Plan an Effective Official Meeting

How to Plan an Effective Official Meeting

Business

The quality review is just a month away. I am having back-to-back meetings and not finding time to get my own work done!” said a colleague at work.  

Seems familiar? 

Meetings are an integral part of any workspace, and yet at times, we land up in a room, wondering what we are doing there in the first place?

So, how do we ensure an effective official meeting?

Here are few tips, so things go as planned and work gets done productively:

1. Is the meeting really needed? (Purpose)

The first step to ensuring an effective meeting is answering this question. If the meeting is to share information about a recently communicated employee policy, chances are it can be done over a detailed e-mail. If team leaders have queries on the policy, calling them over to get those solved can be done over a brief conversation.

Monthly business meetings act as crucial data points for discussing the month gone by and activities proposed for goals achievement in the coming days; weekly meetings to continuously keep the team on track and daily huddles for quick problem-solving; communication regarding customers currently in the system and so on. Still, it’s always better to run through the agenda and decide who should be there.

2. Who all are needed for the meeting? (Participants)

Usually, formal gatherings mandate the attendance of a fixed set of people depending on the company protocols. However, when the meet is being organized for introducing something new or for the resolution of a problem, one must take the trouble to scan the invitees’ list. This is to ensure members present contribute meaningfully. With a relevant and optimal participant mix, you’re just a step away from a constructive interaction. 

Related: How to Practice Active Listening in the Workplace

3. What points will be discussed? (Agenda)

Create an itemized list for deliberation during the meeting. Broadly decide the time required for each item, so the meeting doesn’t prolong unnecessarily. When you have the purpose and participants in place, you’ll find that the discussion is crisp and to the point. It’s also a great idea to circulate the meeting outline earlier so people can come prepared.

“You have a meeting to make a decision, not to decide on the question.” Bill Gates

4. Where & when will the meeting take place? (Date/time/venue)

This is not rocket science. Still, people miss out on this important aspect of convening a meeting. Small meeting rooms for informal huddles and an auditorium or a large conference room to accommodate a congregation is the thumb rule. Venue availability may pose an issue; hence always book in advance.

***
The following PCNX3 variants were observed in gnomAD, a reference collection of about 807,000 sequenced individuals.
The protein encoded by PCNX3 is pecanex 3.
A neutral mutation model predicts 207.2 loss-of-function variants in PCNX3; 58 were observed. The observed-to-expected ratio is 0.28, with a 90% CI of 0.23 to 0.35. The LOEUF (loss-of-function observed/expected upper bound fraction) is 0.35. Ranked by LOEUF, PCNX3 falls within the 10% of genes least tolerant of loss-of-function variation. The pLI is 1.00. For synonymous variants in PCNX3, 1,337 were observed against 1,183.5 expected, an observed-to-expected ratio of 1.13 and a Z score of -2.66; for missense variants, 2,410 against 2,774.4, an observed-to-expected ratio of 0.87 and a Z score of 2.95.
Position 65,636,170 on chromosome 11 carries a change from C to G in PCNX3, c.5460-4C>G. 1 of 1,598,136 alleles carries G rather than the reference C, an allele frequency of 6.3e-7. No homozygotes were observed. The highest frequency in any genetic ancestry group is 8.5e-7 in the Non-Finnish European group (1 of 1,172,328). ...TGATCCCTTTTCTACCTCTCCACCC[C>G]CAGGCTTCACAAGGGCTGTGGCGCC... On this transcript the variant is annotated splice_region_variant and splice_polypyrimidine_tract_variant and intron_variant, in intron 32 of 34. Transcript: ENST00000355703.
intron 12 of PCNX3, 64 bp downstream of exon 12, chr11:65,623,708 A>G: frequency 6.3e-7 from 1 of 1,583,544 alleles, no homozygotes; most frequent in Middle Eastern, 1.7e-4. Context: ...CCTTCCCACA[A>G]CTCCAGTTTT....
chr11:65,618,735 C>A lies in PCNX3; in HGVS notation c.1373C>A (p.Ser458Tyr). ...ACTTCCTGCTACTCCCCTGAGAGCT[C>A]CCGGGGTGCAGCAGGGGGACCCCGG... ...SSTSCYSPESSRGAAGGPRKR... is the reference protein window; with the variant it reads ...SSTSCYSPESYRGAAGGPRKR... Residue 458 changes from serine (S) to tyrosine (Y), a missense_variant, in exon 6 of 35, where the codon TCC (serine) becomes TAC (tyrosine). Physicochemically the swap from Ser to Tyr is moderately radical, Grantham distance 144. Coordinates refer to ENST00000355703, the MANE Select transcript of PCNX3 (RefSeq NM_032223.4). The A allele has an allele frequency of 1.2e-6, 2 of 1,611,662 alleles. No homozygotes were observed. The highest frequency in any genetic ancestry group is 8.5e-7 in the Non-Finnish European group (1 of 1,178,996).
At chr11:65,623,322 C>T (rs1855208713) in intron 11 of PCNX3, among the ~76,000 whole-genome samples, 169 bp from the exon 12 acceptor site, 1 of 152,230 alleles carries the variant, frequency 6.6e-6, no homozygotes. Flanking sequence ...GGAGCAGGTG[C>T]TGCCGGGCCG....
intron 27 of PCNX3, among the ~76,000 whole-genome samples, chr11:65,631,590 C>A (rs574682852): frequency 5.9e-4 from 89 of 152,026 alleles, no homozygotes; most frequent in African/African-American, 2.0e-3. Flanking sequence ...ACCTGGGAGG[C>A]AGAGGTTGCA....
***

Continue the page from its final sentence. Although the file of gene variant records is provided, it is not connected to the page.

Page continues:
It’s best to provide a week’s notice to attendees; if you’re expecting them to sit through for more than a half-hour, they can organize their workday accordingly. Sending a reminder on the previous day or first thing in the morning when the meeting is scheduled for the latter part of the day is also considered an appropriate business etiquette. 

Related: Improve Your Leadership to Earn Employees’ – Trust and Respect

5. Begin on time, keep track of the time

You’ve sent your meeting request and reminder/s; now it’s your responsibility to manage time for others and yourself by commencing on the dot. Attending colleagues have their own sense of duty and may/may not be punctual, but as a convener, you should not only start but always be conscious of the time spent on discussing each agenda topic. Make a note of the perpetual late-comers if this is a periodic assembly and communicate to avoid disturbances during the proceedings.

6. Who will do what? (Participant roles)

More applicable to deliberations involving sizeable groups, one must assign specific tasks to the participants. Important roles could be – note-taker or scribe (captures discussion points, action-plan, suggestions and members responsible for closure), time-keeper (ascertains decorum getting people back on track), specialist (subject-matter expert for knowledge-sharing).

Take care that the SME is called only when needed and not for the entire duration of the meeting.

Related: How to Motivate and Build a Collaborative Team

7. Use of technology

Do a pilot with all tools you’re to use – laptop, projector, mike, presentation, etc., so you’re not caught unaware. Have an IT resource available just in case of a technical glitch.

For virtual meetings, get familiarised with the features; similar principles of a physical appearance apply. Some of these include sending the meeting link in advance, testing audio/video, deciding on speaker/s, co-hosts, screen-share, organizing material for display during the presentation, and a moderator to monitor chat and Q/A in case of a panel and so on.

8. What next? (Action plan)

Like the program agenda creation, sending out minutes of the meeting or decided action-points to all attendees post-meeting displays clarity of purpose and efficiency. Invitees who were absent can get up to speed, seniors/other members are apprised, and the document also becomes a precursor for the upcoming meeting.

Effective planning of a meeting demonstrates you respect others’ time as much as your own, start today!